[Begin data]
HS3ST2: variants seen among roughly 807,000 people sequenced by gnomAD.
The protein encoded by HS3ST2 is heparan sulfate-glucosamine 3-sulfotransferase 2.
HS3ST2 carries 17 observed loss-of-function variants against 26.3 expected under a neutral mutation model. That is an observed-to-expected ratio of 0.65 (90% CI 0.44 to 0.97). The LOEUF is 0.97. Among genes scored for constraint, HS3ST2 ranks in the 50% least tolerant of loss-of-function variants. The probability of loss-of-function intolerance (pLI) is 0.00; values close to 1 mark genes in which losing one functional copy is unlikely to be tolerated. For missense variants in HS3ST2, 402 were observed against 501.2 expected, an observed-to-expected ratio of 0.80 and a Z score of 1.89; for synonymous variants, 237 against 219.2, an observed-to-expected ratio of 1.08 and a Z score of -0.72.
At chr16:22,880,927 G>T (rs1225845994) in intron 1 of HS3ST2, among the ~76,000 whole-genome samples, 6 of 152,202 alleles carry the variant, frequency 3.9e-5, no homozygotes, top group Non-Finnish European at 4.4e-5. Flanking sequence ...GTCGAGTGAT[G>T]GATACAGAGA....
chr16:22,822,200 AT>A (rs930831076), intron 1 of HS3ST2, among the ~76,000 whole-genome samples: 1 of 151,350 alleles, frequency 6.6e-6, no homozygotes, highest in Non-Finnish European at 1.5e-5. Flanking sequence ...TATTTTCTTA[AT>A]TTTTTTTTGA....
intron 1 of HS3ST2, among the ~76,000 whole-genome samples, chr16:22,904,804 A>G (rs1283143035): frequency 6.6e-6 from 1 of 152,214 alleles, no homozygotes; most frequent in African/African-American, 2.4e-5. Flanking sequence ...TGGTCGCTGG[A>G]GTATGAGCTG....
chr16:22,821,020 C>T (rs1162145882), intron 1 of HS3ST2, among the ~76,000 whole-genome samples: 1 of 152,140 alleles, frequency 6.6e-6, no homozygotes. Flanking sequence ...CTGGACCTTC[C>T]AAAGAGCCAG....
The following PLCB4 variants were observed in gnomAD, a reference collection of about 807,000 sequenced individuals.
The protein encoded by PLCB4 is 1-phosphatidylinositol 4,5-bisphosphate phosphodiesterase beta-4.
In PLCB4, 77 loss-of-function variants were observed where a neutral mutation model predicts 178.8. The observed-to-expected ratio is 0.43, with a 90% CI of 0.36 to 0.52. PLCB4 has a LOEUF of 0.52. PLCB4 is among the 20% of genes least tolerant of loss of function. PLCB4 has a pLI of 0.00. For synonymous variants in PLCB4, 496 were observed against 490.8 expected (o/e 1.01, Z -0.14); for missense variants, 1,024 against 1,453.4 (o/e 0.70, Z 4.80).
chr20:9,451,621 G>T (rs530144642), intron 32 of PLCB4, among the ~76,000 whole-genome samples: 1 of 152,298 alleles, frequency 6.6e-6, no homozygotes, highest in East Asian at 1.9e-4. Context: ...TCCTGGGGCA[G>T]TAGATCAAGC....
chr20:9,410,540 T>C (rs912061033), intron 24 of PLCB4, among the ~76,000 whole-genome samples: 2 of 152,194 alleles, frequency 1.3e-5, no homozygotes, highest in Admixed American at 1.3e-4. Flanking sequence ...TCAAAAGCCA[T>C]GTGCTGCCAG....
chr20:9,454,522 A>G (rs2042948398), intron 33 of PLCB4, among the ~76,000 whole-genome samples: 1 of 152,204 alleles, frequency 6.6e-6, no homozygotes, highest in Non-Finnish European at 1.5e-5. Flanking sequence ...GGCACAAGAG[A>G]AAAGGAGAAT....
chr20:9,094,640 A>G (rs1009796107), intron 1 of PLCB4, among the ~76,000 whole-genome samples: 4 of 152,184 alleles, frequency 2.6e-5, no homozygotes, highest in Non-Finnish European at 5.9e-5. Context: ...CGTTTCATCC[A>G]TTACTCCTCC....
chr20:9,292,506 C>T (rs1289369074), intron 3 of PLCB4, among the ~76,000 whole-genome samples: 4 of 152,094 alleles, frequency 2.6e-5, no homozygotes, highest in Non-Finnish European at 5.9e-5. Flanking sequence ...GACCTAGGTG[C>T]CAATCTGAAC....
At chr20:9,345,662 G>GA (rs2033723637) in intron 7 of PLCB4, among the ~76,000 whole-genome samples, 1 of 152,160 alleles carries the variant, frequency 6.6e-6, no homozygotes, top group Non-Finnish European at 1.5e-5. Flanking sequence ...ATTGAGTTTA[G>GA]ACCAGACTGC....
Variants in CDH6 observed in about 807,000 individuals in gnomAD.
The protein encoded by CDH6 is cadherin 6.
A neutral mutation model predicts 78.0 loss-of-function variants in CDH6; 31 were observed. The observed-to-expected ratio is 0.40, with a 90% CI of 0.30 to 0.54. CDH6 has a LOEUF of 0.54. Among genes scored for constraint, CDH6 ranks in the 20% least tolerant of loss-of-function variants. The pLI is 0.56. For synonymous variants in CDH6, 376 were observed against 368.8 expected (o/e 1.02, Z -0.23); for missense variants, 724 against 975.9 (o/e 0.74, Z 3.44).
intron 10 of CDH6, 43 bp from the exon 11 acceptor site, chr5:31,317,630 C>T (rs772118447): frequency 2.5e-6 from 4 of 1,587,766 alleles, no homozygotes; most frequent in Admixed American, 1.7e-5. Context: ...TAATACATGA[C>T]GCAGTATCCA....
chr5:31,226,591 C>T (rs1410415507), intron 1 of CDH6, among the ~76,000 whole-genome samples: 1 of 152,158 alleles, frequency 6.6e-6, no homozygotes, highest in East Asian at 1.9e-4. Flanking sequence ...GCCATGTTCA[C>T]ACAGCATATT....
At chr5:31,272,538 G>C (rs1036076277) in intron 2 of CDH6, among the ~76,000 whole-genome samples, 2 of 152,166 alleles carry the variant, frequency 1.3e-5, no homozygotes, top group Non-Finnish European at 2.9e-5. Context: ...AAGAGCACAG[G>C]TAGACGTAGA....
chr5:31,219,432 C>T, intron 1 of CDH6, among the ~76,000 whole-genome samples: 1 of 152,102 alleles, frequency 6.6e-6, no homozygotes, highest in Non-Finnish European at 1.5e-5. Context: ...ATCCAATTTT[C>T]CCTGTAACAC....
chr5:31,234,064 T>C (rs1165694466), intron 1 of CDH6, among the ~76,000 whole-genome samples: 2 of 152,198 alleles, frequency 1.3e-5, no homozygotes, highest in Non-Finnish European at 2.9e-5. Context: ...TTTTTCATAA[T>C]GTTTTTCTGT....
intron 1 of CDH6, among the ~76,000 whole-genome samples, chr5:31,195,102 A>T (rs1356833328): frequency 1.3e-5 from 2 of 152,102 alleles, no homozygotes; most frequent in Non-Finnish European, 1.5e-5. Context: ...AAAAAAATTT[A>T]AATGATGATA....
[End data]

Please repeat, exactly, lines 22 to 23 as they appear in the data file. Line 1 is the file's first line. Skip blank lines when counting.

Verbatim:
At chr5:31,272,538 G>C (rs1036076277) in intron 2 of CDH6, among the ~76,000 whole-genome samples, 2 of 152,166 alleles carry the variant, frequency 1.3e-5, no homozygotes, top group Non-Finnish European at 2.9e-5. Context: ...AAGAGCACAG[G>C]TAGACGTAGA....
chr5:31,219,432 C>T, intron 1 of CDH6, among the ~76,000 whole-genome samples: 1 of 152,102 alleles, frequency 6.6e-6, no homozygotes, highest in Non-Finnish European at 1.5e-5. Context: ...ATCCAATTTT[C>T]CCTGTAACAC....